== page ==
In the history of the league, there’s never been a worse start for a No. 1 overall pick’s career than Anthony Bennett, who started with the Cleveland Cavaliers. His beginning wasn’t just awful for a top pick. It was awful, period. But this summer things are coming to light that suggest he could get his career back on the map.
Last summer, Zach Harper of CBS Sports wrote in regards to Bennett:
He played one game in April and that was his season. Out of shape and without a position or a shot, he put up one of the 16-worst rookie seasons in NBA history. Look at that list of players and the best career is… Donte Greene? Dick Gibbs? Kareem Rush?
His sophomore season with the Minnesota Timberwolves was an improvement. But when you’re that far down, there’s not much room to go but up. The pool of players who are as bad as him expanded to 29. That’s all that have a lower Player Efficiency Rating and Win Share total than him after two seasons. Some of them, though, such as George McCloud, Allan Houston and Jamal Crawford actually went on to have solid careers. Houston and Hot Rod Hundley even made All-Star Games.
The problems with Bennett have never been about his ability. They’ve been about health, conditioning and understanding of the game. There are signs this summer indicating that he’s coming around on those things, and he could be in for a year where he could contribute.
The first winds of change came in the early offseason when it was revealed that Bennett was committed to losing weight and improving his game and signed up noted trainer Drew Hanlen to help him do it.
According to Phil Ervin of Fox Sports, the bizarre assortment of injuries that have plagued Bennett’s career could have something to do with it:
Illness and injury have plagued a large part. Hanlen also says Bennett’s “never really had an NBA offseason,” going through draft preparations and aftermath two years ago and being shipped to Minnesota last August.
Hanlen has been impressed so far. In his first week out west, Bennett dropped a whopping 12 pounds, Hanlen said, and hopes to lose a total of 20-25 by the time training camp starts.
That’s good for the conditioning, but what about the mental part?
“Somebody asked me on Twitter about Anthony, I’d posted little clips about him working out, working on screens, and (someone) was like, ‘Thank God,’ with a praying emoji,” Hanlen said. “But he’s such a good kid. He’s changed his mentality. I worked with him once during the season, and at that point, I think he was down on himself and kind of felt sorry for himself.
“But this summer, he’s got a completely new attitude.”
During the current FIBA Americas Championship, Bennett has reinforced that the improvement is real, not just talk from a trainer. Through seven games he’s shooting 68.8 percent from two, scoring 8.9 points and grabbing 6.1 boards in 19.1 minutes per game.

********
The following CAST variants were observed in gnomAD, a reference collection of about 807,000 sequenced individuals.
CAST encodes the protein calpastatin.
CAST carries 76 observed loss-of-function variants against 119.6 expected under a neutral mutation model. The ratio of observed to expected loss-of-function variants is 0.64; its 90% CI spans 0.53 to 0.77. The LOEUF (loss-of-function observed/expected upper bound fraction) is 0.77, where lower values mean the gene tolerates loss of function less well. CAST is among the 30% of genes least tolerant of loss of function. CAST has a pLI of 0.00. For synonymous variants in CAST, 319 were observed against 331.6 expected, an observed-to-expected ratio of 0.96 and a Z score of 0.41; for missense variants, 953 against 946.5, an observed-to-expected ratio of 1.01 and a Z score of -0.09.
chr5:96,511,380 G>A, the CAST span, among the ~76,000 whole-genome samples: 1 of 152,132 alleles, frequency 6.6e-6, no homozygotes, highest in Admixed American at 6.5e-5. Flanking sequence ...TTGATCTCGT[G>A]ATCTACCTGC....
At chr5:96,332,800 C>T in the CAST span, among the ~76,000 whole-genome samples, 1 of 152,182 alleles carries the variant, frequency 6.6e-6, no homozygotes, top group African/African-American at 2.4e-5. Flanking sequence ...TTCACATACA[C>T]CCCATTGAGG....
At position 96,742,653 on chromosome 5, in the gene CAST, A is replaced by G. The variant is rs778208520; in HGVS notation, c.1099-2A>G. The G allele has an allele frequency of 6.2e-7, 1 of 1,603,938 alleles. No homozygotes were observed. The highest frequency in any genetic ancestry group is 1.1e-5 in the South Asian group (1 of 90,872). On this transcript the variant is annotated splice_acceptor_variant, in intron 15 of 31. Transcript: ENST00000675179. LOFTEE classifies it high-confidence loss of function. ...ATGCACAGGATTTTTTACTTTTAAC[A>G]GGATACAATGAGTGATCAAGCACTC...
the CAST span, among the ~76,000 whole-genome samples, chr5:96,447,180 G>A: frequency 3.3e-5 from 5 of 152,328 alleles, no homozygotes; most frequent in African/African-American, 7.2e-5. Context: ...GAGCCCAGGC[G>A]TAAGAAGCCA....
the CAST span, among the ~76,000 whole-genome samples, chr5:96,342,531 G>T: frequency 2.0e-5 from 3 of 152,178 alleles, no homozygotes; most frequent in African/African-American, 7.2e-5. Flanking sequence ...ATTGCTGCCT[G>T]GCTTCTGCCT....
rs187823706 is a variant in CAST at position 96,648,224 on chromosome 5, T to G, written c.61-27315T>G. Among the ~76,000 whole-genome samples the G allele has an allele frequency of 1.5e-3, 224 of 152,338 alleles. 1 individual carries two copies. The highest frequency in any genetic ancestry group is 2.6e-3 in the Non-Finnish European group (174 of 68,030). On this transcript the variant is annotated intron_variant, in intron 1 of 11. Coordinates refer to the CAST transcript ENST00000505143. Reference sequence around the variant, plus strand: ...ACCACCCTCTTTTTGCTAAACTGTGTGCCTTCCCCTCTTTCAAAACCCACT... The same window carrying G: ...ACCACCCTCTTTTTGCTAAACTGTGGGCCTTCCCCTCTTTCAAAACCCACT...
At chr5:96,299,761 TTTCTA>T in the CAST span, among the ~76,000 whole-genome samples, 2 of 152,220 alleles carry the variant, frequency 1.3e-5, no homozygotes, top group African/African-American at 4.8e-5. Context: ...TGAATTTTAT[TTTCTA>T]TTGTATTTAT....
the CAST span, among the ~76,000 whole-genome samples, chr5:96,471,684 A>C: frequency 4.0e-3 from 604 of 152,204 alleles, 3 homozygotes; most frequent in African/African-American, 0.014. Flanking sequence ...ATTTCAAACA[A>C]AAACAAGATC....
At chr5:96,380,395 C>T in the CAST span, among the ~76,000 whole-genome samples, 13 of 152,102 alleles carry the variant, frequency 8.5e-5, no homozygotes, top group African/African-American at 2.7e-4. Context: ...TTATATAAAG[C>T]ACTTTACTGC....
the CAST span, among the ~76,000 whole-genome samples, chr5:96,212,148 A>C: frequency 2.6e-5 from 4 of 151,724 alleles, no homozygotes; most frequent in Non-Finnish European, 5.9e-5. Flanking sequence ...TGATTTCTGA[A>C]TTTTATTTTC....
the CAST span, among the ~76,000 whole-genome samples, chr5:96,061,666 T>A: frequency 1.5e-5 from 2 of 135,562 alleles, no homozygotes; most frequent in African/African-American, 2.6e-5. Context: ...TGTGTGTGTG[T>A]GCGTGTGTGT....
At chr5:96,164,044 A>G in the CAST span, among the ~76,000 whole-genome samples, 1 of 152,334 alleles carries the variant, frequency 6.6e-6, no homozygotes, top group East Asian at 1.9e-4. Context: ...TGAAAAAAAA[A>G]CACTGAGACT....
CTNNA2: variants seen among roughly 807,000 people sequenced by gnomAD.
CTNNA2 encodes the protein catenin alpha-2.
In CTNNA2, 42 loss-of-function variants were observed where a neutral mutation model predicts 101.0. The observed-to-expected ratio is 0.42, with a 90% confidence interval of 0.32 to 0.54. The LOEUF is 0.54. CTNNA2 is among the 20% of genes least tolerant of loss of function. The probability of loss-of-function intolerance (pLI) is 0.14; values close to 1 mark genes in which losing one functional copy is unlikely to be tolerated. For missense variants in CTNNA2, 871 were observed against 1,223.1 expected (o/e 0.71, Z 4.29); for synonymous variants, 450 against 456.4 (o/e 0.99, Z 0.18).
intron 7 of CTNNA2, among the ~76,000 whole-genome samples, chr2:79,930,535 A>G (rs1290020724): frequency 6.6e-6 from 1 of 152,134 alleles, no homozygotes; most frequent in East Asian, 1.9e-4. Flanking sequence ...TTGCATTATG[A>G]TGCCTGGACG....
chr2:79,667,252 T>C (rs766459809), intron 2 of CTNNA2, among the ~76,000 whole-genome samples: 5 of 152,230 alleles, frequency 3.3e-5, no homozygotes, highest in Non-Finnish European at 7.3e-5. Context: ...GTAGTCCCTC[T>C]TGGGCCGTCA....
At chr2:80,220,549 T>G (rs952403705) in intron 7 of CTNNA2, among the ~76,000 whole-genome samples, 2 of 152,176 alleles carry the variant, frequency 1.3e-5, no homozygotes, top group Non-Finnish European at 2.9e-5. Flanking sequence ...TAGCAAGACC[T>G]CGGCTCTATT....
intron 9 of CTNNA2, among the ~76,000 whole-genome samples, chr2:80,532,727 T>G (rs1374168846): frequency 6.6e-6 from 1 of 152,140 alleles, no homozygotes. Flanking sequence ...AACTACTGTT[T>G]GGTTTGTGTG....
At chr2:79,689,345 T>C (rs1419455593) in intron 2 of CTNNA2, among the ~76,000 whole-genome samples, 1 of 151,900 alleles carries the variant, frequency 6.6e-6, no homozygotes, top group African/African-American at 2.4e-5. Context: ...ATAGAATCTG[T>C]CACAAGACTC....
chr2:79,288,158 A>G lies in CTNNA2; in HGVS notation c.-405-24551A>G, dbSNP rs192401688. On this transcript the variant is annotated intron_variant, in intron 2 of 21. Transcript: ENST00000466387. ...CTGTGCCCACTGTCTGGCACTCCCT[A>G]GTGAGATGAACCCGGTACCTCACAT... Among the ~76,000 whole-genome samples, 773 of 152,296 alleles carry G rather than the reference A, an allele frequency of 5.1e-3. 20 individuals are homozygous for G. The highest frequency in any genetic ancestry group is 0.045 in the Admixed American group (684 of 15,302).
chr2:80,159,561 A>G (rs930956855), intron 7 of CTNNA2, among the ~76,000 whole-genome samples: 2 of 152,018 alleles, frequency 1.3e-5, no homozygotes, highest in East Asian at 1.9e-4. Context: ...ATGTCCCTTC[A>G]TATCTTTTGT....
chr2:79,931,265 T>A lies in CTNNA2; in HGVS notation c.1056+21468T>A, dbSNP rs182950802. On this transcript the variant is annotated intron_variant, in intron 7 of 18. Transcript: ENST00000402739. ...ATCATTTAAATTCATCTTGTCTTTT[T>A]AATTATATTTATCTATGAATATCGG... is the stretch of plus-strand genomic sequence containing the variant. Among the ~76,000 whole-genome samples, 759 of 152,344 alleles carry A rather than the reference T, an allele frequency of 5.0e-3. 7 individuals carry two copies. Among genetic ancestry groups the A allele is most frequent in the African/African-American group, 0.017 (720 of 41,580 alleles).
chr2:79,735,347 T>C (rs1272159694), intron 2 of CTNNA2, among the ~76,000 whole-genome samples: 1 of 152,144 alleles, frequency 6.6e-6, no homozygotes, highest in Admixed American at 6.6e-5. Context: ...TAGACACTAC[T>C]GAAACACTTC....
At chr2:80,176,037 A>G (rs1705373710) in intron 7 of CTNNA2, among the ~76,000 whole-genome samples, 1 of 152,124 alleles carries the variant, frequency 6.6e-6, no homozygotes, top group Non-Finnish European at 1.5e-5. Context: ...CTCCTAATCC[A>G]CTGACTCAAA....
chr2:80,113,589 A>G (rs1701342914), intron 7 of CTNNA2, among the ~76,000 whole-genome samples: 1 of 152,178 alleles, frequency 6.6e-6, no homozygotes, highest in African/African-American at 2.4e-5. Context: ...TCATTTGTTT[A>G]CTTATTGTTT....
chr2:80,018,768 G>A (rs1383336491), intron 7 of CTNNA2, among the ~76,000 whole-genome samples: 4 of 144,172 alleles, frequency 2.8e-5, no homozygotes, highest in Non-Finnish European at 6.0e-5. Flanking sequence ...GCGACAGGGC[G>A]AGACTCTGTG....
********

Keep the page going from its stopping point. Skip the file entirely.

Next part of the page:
According to Ryan Wolstat of the Toronto Sun, both the Canadian coach, Jay Triano, and Bennett are pleased with the player’s development in the tournament:
“I think Anthony Bennett’s summer has been absolutely fantastic for us,” Triano said after Canada defeated Panama on Sunday.
“He’s engaged in everything that we do on the floor, off the floor, rebounding. We’ve asked him to rebound, and he’s done it on a continuous basis. He runs the floor on a continuous basis. He provides help on the defensive end. He understands our defensive system.”
Confidence is important to Bennett and with Triano letting him just go out and play, he seems relaxed and is having fun. He looked relaxed before the game, throwing down a self-alley-oop reverse dunk in the layup line, and kept going from there.
“Coach was saying, ‘just line ’em up and knock ’em down,’ ” Bennett said.
“Anthony has been exemplary this summer,” said Nash, the two-time NBA MVP and future hall of fame point guard. “He’s had a tough first two years in the league but his attitude’s been amazing. His talent has never been in question but his attitude, willingness to learn and attention to detail… not that his attitude was ever an issue, but for him to come, to play in the Pan Am Games, to partake in a whole summer with us, it shows he has a real willingness to learn and get better and a want to be a great player.”
This led Today’s Fastbreak colleague Jesus Gomez to highlight Bennett as one of four players looking to improve their skills during FIBA play, observing:
What the 22-year-old forward needs more than anything to get back on track is a defined role and some continuity. He’s getting exactly that with the stacked Canadian national team. In the first round of FIBA Americas, Bennett played 20 minutes a game and has been freed to rebound and be an opportunistic scorer. He’s not playing like a former first overall pick. In all likelihood, he never will. What he is doing is being productive and efficient, something he’s never been in the past.
Granted, there are a number of caveats at play here. Bennett is a tweener buried on the depth chart behind Kevin Garnett, Gorgui Dieng, Karl-Anthony Towns, Andrew Wiggins, Shabazz Muhammad, Adreian Payne and possibly Nemanja Bjelica. He doesn’t have to just establish that he’s playing better; he has to prove he’s playing superior to them and climb the ladder.
And yes, it is just FIBA. No offense to the rest of the world, but the competition there isn’t the same as it is in the NBA, and Bennett needs to establish that this commitment can hold at the highest level.
But if he can bring this level of energy and keep his head in the game, Bennett could be in for something that starts to even remotely justify him as a lottery pick. With it being the third year of his rookie contract and an extension looming ahead of him, there are big incentives for him to find his way. And it looks like he’s taking it seriously.